Marijuana Use and Child Physical Abuse: Is There an Association?

The survey showed 5% of respondents (129/3009) had used marijuana at least once within the past year; these individuals were categorized as “current marijuana users.”4 Current marijuana users reported committing 3 times as many acts of physical abuse against a child than nonusers. A child’s risk of being physically abused increased 11% with each year of age, and boys were subject to 77% more incidents of physical abuse than girls. Respondents who lived in cities that had more medical marijuana dispensaries or delivery services per square mile were more likely to commit child abuse. Parents or guardians who reported light, moderate, or heavy alcohol use were more likely to engage in physically abusive acts than those who identified as lifetime abstainers. People whose responses indicated they were more impulsive were also more likely to carry out physical abuse.4

The data showed no correlation between the use of marijuana in the past year and supervisory or physical neglect.4 In addition, the authors found no relationship between supervisory or physical neglect and the density of medical marijuana dispensaries. Respondents older than 31 years and those who had less social support were more likely to report committing both types of child neglect. Having an annual income less than $60,000 or achieving less than a high school education corresponded with a greater risk of physical neglect, as did the presence of depressive symptoms and impulsivity. Alcohol use did not increase the likelihood of supervisory or physical neglect.4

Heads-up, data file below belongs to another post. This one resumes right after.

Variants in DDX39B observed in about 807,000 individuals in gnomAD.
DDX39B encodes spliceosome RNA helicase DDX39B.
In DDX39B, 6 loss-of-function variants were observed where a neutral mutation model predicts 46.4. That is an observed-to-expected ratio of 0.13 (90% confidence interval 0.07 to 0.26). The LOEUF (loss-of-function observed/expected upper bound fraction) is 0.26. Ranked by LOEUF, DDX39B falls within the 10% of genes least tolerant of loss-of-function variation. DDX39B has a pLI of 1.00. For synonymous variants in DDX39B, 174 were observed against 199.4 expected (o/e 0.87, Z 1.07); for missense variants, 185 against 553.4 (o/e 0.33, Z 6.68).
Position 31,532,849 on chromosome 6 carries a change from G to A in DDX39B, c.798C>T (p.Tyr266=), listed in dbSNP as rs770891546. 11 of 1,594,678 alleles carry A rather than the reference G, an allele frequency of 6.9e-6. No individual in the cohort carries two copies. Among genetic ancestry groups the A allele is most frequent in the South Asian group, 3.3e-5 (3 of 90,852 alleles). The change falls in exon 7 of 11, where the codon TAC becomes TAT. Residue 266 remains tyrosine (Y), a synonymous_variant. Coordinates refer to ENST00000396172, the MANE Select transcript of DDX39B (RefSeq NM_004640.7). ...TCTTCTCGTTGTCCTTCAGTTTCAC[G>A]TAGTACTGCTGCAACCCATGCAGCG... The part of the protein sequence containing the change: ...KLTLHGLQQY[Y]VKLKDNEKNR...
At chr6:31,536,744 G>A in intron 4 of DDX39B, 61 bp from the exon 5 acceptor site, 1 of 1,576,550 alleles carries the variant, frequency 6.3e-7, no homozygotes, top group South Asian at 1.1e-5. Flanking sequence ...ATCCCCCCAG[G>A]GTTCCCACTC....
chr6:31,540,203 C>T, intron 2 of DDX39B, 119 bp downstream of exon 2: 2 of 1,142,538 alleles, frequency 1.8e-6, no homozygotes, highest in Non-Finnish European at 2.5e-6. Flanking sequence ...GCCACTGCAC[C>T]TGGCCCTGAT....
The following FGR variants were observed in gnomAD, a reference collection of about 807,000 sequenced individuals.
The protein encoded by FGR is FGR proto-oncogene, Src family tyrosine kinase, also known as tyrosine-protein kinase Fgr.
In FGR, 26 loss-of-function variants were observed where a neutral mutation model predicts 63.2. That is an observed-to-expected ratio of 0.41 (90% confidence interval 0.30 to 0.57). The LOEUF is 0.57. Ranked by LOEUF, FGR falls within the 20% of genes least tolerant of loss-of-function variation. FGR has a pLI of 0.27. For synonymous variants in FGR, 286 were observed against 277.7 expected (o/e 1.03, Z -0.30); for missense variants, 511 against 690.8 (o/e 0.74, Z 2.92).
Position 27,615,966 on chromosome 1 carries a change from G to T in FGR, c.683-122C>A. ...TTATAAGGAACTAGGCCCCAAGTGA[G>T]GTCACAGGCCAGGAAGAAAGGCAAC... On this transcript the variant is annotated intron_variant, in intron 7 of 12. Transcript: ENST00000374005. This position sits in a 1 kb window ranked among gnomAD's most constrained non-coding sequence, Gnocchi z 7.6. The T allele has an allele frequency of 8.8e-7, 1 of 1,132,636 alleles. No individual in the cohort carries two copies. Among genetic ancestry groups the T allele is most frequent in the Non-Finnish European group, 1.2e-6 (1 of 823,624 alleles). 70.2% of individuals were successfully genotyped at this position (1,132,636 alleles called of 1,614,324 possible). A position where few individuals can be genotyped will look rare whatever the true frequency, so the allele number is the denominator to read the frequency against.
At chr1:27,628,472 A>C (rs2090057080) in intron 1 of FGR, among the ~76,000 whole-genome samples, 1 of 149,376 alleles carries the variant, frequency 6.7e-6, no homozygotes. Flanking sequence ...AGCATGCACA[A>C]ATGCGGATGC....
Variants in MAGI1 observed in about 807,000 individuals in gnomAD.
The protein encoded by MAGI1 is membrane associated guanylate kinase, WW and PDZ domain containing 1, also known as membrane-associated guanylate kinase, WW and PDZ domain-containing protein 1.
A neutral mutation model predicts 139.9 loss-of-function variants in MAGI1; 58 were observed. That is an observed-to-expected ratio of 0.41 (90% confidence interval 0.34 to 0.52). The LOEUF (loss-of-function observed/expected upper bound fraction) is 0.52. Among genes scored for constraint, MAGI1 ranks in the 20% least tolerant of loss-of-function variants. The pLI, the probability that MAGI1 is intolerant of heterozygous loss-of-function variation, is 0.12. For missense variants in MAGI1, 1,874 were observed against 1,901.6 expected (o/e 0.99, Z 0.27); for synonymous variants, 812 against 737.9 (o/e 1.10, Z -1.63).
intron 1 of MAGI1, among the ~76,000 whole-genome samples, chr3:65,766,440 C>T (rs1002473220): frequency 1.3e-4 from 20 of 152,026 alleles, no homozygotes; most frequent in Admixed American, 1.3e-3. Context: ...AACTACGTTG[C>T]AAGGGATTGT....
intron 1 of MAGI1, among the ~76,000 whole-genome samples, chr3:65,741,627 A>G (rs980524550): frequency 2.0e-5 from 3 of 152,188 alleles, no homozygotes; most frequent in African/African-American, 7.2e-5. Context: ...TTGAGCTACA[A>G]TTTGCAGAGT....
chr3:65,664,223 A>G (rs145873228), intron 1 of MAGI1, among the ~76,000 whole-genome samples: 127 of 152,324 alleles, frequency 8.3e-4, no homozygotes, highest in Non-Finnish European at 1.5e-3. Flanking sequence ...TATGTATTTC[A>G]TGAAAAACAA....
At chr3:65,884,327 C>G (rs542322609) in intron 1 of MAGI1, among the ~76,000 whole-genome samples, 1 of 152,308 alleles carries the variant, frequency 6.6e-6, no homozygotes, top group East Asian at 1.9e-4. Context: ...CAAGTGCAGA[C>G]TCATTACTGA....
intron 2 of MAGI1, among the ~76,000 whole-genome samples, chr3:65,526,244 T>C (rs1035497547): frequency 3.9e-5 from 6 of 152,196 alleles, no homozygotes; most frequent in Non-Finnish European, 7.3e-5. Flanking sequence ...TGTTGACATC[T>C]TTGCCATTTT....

TRENDING ON CPA: An Overview of ASRA Guidelines for Patients on Anticoagulants Undergoing Pain Procedures 

The authors emphasized that although the data suggest a correlation between current marijuana use and child physical abuse, they do not show causation.4 Amanda Remain, PhD, MSW, manager of Marijuana Law and Policy at Policy Alliance (DPA), a nonprofit organization that advocates for reforms to existing laws in the United States, stated, “There is no evidence that marijuana causes inappropriate or inadequate parenting ability.”  She disagrees with the authors’ recommendation that welfare workers and others who work with families should screen for how marijuana use may affect a parent’s ability to care for his or her child or propensity for physical abuse.

Dr. Remain pointed to media accounts of parents who were investigated by child protection agencies or lost their chilDr.en not because of abuse but because the parent used marijuana.5,6 “The assumption that marijuana use is associated with poor parenting and that the child would be better off taken from the home flies in the face of the social work values of dignity and worth of a person and the importance of human relationships,” Dr. Remain said. “Marijuana use should not be assumed to cause inadequate parenting any more than the presence of a wine bottle.”

Dr. Remain also questioned the association Dr. Freisthler and colleagues identified between medical marijuana dispensaries and child abuse risk. “In most cities, medical marijuana dispensaries are relegated to economically depressed areas that may have higher rates of child abuse due to economic pressures and lack of opportunity.” She further noted that people living in these areas are already subject to greater scrutiny from Child Protective Services.